Red Sox interim manager, Ron Roenicke, plans to use Brandon Workman as the team’s closer next season. Workman was Boston’s closer at the end of 2019.
Roenicke, who served as bench coach in 2018-2019 before Alex Cora and the team parted ways last month, is leaving the door open for other players to be used in the same role. This isn’t surprising as the Red Sox took a closer by committee approach for a significant portion of last year, before Workman took over the job after the All-Star break and pitched well down the stretch.
Workman’s career with the Red Sox was marked with more downs than ups prior to last year. Boston selected Workman in the 2nd round of the 2010 draft and he spent two full seasons in the minors before earning his first call up in 2013.
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He made the postseason roster and would go on to throw 8.2 innings in relief, allowing 0 earned runs including a 1-2-3 8th inning in the decisive Game 6 en route the Red Sox’ 8th championship. Workman, along with Xander Bogaerts and Dustin Pedroia, are the only remaining members of the 2013 World Series team still playing (loosely defined in Pedroia’s case) for the Red Sox.
Workman spent time in both Boston and Pawtucket in 2014 before undergoing Tommy John surgery in April 2015 that kept him out of the bigs for two full seasons. He again spent time in both Pawtucket and Boston in 2017 and 2018, made the postseason roster in 2018, but pitched so poorly (5 earned runs in 3 appearances totaling just 1 IP) that he was replaced by Drew Pomeranz on the World Series squad.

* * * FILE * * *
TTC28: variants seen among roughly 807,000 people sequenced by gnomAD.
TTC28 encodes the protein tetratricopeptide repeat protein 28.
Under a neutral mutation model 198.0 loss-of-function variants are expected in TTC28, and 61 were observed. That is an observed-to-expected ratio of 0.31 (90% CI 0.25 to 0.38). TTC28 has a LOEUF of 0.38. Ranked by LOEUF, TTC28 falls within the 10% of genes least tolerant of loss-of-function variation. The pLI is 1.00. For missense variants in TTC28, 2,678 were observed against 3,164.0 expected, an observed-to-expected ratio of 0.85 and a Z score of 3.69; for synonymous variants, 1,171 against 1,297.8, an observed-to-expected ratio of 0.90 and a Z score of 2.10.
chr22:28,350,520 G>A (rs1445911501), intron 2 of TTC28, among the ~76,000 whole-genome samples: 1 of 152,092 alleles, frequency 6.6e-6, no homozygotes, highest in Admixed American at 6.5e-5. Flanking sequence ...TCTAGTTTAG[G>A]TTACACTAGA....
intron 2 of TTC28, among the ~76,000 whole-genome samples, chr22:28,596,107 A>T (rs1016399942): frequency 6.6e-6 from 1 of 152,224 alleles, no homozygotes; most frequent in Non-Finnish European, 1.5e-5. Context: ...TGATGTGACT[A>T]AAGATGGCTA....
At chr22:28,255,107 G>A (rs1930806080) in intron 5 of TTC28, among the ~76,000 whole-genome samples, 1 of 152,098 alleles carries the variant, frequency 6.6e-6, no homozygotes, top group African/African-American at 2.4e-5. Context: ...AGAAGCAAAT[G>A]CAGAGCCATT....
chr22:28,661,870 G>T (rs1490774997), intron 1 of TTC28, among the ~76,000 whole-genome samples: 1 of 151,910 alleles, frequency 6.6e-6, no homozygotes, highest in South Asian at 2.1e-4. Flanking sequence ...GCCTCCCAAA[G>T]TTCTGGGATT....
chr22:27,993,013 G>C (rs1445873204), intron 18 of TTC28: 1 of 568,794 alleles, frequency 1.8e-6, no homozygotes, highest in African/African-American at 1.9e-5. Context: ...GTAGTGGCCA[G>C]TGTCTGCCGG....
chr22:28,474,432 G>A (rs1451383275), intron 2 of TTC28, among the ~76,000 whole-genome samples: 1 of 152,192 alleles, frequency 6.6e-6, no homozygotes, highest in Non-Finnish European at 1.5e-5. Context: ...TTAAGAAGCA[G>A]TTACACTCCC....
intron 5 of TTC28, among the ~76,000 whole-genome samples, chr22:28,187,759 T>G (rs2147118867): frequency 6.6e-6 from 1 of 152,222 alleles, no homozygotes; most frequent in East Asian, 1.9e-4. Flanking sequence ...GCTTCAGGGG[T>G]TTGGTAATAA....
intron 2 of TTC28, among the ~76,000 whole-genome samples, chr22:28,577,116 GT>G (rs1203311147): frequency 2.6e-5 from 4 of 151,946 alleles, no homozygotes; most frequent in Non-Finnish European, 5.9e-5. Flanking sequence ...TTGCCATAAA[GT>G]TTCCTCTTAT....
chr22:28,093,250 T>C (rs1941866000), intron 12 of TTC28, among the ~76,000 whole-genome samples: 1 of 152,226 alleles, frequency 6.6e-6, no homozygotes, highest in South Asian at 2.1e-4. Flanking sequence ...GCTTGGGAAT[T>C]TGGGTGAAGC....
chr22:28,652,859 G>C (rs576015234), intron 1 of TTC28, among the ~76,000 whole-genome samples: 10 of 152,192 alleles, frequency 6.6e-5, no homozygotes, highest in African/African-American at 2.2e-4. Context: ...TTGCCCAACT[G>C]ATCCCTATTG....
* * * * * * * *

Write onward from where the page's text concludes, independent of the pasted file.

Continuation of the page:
But 2019 was a whole new ballgame for Workman. He retained the closer spot for the second half of the season and pitched in 73 games, producing a 1.88 ERA on the season. Workman ranked 6th in Wins Above Replacement (WAR) and Win Probability Added (WPA) among all relief pitchers last year.
He’s mean in the 9th, too. Throughout his career, hitters facing Workman in the 9th inning slash .155/.256/.238, good for a .495 OPS. Last season, he got his opponents’ OPS down to just .434 by leading the league in batting average against and slugging % against. And yes, he lead the league in opponents OPS, too.
He’s only put together one solid season to this point in his career, but if he can keep this up then the closer role is his to lose. The Red Sox have enough question marks heading into the season. Pitchers and catchers are already getting loose in Florida and Arizona and the Red Sox only just named an interim manager last week. The fifth starter position is fully up in the air and the rest of the rotation is shaky as is.
By no means do the Red Sox have a lock down pen, but a solid closer is a step in the right direction. 2019 was Brandon Workman’s breakout year, here’s hoping 2020 will be more of the same.